Tesla reported a stunning, if somewhat complicated, third-quarter earnings beat on Wednesday — $0.71 per share, on a GAAP basis, an accounting change for the automaker that threw off many analysts who had predicted a big loss.
On a conference call afterwards, Musk addressed questions about demand for the Model 3 mass-market car — a $35,000 vehicle that was revealed in March and has racked up 373,000 pre-orders. But that car isn’t due to hit the street until late 2017 and won’t be produced in significant numbers until 2018.
Interest in the Model 3 has been high and Musk called it one of his biggest priorities at the moment.
“The Model 3 is the most interesting product program in the world and a lot of suppliers want to be a part of it,” Musk said.
But Musk downplayed his efforts to promote the new car and said that Tesla “anti-sells,” or doesn’t actively push, the vehicle to consumers.
“How often do you see me mention Model 3?” he asked.
“All we did was a half-hour webcast after we sent out a couple of tweets,” he said of the Model 3 unveiling in Los Angeles earlier this year. “We didn’t want people to get too distracted from our current product.”
Tesla engaged in the same anti-selling practice with the Model X, as Musk explained prior to the SUV’s launch last year. He said that potential customers who came to a Tesla store inquiring about the then-forthcoming Model X were steered toward a Model S instead. And although the Model X would sell for a luxury-car price, in some cases well over $100,000, the Model S isn’t cheap — Tesla sells the sedan for $100,000 on average.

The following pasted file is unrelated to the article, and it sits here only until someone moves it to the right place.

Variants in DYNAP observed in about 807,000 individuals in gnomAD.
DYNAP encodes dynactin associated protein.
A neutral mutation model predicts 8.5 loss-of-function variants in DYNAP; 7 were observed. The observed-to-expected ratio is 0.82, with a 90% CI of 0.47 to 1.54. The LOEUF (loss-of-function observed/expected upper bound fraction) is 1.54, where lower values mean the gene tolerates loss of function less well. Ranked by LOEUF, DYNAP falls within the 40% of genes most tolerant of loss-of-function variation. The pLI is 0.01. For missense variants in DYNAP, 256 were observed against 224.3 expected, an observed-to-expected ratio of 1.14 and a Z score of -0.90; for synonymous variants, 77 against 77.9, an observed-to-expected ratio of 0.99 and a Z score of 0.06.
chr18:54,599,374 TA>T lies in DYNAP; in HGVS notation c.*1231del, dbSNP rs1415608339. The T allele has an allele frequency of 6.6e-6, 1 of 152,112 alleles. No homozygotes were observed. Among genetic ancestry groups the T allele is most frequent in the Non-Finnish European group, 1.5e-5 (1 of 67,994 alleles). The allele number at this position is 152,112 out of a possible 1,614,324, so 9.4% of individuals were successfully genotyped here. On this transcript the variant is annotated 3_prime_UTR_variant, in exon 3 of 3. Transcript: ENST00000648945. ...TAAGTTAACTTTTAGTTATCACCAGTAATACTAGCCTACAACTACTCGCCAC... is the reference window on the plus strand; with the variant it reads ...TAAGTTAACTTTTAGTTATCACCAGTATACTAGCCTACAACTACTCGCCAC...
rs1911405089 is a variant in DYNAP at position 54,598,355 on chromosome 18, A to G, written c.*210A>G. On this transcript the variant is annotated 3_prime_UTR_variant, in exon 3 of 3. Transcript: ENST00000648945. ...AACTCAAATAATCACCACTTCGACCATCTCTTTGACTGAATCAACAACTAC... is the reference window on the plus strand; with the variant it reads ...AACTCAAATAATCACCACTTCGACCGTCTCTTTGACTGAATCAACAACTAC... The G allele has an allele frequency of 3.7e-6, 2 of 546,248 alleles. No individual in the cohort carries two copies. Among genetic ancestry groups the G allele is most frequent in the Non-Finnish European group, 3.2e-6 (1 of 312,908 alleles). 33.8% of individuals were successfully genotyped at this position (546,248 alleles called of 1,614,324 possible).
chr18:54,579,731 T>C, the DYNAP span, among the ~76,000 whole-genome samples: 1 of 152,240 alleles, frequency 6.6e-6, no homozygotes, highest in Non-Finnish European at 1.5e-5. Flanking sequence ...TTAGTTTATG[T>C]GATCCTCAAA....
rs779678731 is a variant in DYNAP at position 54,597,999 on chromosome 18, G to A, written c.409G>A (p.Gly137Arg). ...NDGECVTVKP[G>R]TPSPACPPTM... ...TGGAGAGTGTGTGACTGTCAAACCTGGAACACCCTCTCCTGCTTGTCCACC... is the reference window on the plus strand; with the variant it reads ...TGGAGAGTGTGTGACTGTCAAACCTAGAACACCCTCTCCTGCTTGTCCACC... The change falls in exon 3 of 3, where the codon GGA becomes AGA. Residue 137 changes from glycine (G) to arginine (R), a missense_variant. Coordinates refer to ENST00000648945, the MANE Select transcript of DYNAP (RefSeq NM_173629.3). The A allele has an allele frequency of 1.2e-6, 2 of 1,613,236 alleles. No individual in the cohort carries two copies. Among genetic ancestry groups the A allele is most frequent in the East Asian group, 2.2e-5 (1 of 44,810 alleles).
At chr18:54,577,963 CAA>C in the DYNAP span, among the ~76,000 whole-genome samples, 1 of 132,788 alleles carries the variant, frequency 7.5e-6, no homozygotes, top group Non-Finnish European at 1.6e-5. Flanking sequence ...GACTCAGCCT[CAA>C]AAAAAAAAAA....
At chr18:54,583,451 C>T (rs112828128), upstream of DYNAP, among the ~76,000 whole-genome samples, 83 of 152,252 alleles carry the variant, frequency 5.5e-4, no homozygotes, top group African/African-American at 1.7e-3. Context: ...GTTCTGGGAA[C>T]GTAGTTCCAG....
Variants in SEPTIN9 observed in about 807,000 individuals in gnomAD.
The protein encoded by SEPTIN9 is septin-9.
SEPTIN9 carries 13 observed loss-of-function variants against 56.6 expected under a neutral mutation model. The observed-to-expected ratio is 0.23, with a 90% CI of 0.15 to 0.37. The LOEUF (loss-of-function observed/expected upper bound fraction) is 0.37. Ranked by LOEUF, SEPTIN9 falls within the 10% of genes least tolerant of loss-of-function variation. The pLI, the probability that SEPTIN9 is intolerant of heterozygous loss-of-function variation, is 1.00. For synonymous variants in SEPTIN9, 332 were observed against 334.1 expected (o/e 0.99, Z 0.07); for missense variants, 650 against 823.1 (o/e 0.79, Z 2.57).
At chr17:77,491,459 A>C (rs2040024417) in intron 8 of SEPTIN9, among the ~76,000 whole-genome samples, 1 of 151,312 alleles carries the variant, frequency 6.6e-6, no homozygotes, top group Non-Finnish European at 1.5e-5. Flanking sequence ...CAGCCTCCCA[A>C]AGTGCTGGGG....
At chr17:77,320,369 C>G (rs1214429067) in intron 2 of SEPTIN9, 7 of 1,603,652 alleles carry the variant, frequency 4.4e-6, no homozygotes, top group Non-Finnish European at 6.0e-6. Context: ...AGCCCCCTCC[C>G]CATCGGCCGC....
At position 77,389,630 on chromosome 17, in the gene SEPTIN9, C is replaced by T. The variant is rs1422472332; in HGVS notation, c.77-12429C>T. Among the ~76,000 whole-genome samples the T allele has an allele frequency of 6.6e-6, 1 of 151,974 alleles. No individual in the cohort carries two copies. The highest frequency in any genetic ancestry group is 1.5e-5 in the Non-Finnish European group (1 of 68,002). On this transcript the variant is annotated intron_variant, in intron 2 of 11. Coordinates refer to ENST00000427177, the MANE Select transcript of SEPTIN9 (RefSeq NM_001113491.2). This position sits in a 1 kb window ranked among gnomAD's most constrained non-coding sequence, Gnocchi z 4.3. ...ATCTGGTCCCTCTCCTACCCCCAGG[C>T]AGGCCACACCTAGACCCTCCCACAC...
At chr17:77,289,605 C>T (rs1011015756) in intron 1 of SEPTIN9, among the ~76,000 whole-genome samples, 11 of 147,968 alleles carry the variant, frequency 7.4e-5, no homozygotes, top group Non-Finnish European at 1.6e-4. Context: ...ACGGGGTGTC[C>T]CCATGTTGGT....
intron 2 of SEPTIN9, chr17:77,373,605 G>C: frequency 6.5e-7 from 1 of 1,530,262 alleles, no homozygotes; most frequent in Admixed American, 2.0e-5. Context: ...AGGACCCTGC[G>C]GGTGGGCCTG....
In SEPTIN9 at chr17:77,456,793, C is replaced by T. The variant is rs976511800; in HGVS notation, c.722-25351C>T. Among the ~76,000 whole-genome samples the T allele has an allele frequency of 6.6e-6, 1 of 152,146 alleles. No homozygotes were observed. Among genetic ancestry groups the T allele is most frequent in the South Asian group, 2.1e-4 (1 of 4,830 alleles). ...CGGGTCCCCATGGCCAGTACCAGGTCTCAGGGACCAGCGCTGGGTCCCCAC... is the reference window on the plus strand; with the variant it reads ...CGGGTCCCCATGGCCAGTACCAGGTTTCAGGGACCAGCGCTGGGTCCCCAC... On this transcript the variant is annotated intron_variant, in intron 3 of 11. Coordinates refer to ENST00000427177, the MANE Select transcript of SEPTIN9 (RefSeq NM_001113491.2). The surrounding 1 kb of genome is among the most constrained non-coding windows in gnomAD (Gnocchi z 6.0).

Tesla doesn’t really maintain much inventory at its stores, so it isn’t like interested Model 3 customers are, in classic car-dealer fashion, being pressured to drive off the lot in a vehicle that Tesla can sell them on the spot. (And because Tesla doesn’t use the franchise-dealer model but rather does direct sales in states where it can, driving off the lot isn’t often an option.)
But if Model 3 demand is any indication of Tesla demand, and Musk can convince anyone who wanted to buy a $35,000 car to buy, say, a $70,000 Model S instead — well, that obviously makes him the greatest car dealer who has ever lived.
So you want the Chevy? Nah, you don’t want that Chevy. You want the Cadillac.
Or maybe its a Jedi mind-trick thing: This is not the Tesla you’re looking for.
It’s always entertaining to hear Musk go into this mode. It’s the closest he gets to a cheesy sort of “Come on down!” car dealer persona.
But don’t forget, Tesla is a car company. That makes, to a large extent, Musk’s most important job selling cars.
And he’s astonishingly good at it.
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